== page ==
Wilfried Lemke, the United Nations' special advisor on the use of sport as a development and peace-building tool, said here earlier in the week amid a presentation to the Generations for Peace group -- 57 delegates from 11 nations -- that what he recalls most about the 2008 Beijing Games is the volunteer spirit.
"I might forget who won the 5,000 meters in track and field. But," he said referring to an 18-year-old volunteer, Wang Yang, who helped look after him in Beijing, "I will never forget the kindness of how she welcomed me with a ni hao every morning," Chinese for hello and welcome.
It's foolish to pretend that such one-on-one goodwill doesn't hold the potential for positive political, diplomatic and business consequences.
There are roughly 20-some million Australians and before the 2000 Sydney Games there were doubts in some quarters about the ability of a nation that small to pull it all off. Now those Games are remembered as one of the best-ever, if not the best, and in significant measure because the volunteers were so incredibly friendly and helpful.
"I've had successive prime ministers tell me that when they travel other world leaders want to talk to them about the Sydney Games," the head of the Australian Olympic Committee, John Coates, said in an interview last month marking the tenth anniversary of those Games.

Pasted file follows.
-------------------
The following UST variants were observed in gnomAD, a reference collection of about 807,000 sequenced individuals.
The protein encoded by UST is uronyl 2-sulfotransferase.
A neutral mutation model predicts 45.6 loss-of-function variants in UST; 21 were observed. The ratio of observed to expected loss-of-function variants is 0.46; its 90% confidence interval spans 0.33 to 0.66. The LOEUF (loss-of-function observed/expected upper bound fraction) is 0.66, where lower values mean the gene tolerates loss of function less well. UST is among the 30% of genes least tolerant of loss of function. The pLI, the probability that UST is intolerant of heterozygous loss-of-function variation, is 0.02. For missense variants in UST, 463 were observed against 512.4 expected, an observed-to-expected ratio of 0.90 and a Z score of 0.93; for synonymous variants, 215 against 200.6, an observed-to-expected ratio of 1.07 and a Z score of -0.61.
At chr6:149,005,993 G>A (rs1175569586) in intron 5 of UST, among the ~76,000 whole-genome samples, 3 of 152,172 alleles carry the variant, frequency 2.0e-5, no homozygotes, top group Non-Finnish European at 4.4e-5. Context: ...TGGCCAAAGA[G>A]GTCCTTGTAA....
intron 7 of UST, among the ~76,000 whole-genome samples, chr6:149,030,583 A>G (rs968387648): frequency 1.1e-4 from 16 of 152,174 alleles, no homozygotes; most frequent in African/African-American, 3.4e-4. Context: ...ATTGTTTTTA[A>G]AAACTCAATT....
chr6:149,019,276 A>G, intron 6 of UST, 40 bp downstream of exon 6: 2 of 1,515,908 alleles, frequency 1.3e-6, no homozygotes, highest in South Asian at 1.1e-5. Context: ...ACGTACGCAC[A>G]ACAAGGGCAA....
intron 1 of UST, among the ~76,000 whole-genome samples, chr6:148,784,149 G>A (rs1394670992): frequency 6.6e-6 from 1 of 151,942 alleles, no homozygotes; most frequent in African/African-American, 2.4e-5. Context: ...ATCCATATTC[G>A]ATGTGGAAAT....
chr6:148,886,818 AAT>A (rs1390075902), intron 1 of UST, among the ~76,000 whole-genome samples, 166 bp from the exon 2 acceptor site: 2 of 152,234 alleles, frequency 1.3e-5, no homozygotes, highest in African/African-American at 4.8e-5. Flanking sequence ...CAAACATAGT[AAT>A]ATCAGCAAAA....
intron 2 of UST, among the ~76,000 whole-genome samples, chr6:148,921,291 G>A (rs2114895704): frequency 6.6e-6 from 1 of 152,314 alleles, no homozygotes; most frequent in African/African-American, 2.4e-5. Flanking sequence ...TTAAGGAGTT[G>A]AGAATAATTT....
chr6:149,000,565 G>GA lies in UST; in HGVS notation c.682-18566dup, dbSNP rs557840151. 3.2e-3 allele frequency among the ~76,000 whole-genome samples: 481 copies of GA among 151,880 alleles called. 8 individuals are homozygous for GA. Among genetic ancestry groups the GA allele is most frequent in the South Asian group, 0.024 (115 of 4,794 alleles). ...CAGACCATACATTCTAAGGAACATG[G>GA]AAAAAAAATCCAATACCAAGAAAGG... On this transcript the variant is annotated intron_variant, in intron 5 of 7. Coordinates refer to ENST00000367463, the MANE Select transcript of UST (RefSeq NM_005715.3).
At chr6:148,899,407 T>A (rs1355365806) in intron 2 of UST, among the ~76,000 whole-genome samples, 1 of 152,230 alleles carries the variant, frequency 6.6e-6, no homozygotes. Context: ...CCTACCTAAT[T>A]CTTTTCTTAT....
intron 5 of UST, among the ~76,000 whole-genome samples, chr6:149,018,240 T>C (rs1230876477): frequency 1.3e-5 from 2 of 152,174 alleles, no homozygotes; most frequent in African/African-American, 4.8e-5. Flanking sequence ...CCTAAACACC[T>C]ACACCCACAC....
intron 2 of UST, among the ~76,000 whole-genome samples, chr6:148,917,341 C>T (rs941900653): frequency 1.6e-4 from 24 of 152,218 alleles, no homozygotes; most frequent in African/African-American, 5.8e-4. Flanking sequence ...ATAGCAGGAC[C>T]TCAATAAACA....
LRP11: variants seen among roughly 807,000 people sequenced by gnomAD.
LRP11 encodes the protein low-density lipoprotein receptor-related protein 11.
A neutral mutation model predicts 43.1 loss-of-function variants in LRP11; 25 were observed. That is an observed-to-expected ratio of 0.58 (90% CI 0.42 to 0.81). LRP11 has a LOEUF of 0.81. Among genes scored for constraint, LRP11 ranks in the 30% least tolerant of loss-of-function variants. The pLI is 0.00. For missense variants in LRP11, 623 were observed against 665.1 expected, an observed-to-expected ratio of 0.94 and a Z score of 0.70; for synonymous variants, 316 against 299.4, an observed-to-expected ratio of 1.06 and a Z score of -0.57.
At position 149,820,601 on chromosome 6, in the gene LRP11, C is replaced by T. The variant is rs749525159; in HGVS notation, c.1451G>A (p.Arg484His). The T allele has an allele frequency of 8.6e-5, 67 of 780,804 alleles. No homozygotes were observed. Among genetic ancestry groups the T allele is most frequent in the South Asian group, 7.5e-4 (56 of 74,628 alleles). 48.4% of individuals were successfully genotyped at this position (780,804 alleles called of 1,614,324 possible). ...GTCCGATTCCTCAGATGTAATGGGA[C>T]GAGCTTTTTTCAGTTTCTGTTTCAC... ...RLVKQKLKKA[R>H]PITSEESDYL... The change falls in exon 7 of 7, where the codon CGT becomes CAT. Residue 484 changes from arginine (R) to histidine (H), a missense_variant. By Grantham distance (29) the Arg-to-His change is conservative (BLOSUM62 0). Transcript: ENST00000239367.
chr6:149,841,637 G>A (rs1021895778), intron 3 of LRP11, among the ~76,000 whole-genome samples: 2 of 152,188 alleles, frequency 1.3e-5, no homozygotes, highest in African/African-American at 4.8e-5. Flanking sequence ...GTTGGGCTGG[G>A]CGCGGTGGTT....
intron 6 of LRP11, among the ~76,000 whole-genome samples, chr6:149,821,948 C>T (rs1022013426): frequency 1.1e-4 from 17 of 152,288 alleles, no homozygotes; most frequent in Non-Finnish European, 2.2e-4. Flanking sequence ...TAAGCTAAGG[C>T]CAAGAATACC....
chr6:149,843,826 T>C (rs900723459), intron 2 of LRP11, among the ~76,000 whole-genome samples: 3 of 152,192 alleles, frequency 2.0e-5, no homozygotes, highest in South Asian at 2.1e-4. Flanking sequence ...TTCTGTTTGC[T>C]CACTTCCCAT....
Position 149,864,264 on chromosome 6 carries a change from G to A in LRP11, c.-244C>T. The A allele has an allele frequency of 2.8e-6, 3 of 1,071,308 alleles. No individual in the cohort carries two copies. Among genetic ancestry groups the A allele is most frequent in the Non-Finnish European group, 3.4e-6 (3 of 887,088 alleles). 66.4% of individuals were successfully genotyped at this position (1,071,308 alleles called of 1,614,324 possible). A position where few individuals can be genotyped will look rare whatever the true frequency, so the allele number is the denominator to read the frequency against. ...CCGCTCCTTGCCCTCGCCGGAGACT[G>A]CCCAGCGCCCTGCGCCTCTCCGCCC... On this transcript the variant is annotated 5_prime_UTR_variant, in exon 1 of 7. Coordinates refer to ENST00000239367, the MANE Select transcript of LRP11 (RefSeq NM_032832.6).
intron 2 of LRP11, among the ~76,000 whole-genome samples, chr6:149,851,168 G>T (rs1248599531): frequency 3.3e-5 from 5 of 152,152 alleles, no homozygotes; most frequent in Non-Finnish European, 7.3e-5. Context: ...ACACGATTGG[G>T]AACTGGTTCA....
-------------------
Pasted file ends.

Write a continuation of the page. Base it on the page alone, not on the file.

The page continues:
Vityutnev on Thursday handed out a passport-sized booklet to the Generations for Peace audience, and for the six Russians among the 57 it probably held extra significance -- Vityutnev saying the idea is that volunteers will fill the booklet just like you fill a real passport, and that a record of such volunteer service will be promoted as a career-builder.
Russia is hardly the only country in this part of the world confronting -- in some cases again, in some anew -- the concept of volunteerism.
In Serbia, "we have had to build it up again like a phoenix," said Andrej Pavlovich, one of the 57 in the audience. A 30-year-old English teacher, he served as a supervisor in the organizing of more than 10,000 volunteers for the 2009 University Games in Belgrade. A "milestone," he said.
They're looking for 25,000 volunteers for the Sochi 2014 Games.
There were 10 on hand here Thursday at the Generations for Peace workshop, identifiable in their white T-shirts with black sleeves or blue polo shirts.
"Hey, every1! I'm a Volunteer!" Dana Vorokova wrote in the volunteers' newsletter (already -- a volunteers' newsletter). "It's G8!"
Ekaterina Tskhakaya also contributed to the newsletter. She wrote, "The obligations of volunteers have no limits. You can never know what kind of situation you will face, and when.
"You must always be ready to take on any job and this is what makes our work exciting. It starts from stuffing refrigerators with water and providing delegates with pens to helping the lecturers make their presentations and translating to royal highnesses.
"You know, when sending applications to participation in the event you never know what surprises are waiting for you. I love this feeling of getting involved in all sorts of activity, gaining all-around experience, investigating and which is more important -- making your own contribution to the event."